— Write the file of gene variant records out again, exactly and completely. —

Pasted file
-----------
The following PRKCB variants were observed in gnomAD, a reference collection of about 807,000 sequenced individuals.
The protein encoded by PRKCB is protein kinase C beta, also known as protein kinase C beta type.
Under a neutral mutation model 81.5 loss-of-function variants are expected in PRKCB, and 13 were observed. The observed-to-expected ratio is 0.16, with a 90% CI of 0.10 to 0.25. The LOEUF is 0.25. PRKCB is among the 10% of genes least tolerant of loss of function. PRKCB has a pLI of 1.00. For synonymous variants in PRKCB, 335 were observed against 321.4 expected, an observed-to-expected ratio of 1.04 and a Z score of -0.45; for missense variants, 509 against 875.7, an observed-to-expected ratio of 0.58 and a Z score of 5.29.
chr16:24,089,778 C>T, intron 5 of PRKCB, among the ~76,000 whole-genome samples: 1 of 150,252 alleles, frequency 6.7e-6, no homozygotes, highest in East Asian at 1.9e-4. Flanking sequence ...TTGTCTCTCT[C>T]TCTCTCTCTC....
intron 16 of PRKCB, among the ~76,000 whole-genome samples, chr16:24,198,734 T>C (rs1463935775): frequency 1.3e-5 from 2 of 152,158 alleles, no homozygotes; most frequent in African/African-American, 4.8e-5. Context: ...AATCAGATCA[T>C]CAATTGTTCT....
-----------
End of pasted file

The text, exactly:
The following PRKCB variants were observed in gnomAD, a reference collection of about 807,000 sequenced individuals.
The protein encoded by PRKCB is protein kinase C beta, also known as protein kinase C beta type.
Under a neutral mutation model 81.5 loss-of-function variants are expected in PRKCB, and 13 were observed. The observed-to-expected ratio is 0.16, with a 90% CI of 0.10 to 0.25. The LOEUF is 0.25. PRKCB is among the 10% of genes least tolerant of loss of function. PRKCB has a pLI of 1.00. For synonymous variants in PRKCB, 335 were observed against 321.4 expected, an observed-to-expected ratio of 1.04 and a Z score of -0.45; for missense variants, 509 against 875.7, an observed-to-expected ratio of 0.58 and a Z score of 5.29.
chr16:24,089,778 C>T, intron 5 of PRKCB, among the ~76,000 whole-genome samples: 1 of 150,252 alleles, frequency 6.7e-6, no homozygotes, highest in East Asian at 1.9e-4. Flanking sequence ...TTGTCTCTCT[C>T]TCTCTCTCTC....
intron 16 of PRKCB, among the ~76,000 whole-genome samples, chr16:24,198,734 T>C (rs1463935775): frequency 1.3e-5 from 2 of 152,158 alleles, no homozygotes; most frequent in African/African-American, 4.8e-5. Context: ...AATCAGATCA[T>C]CAATTGTTCT....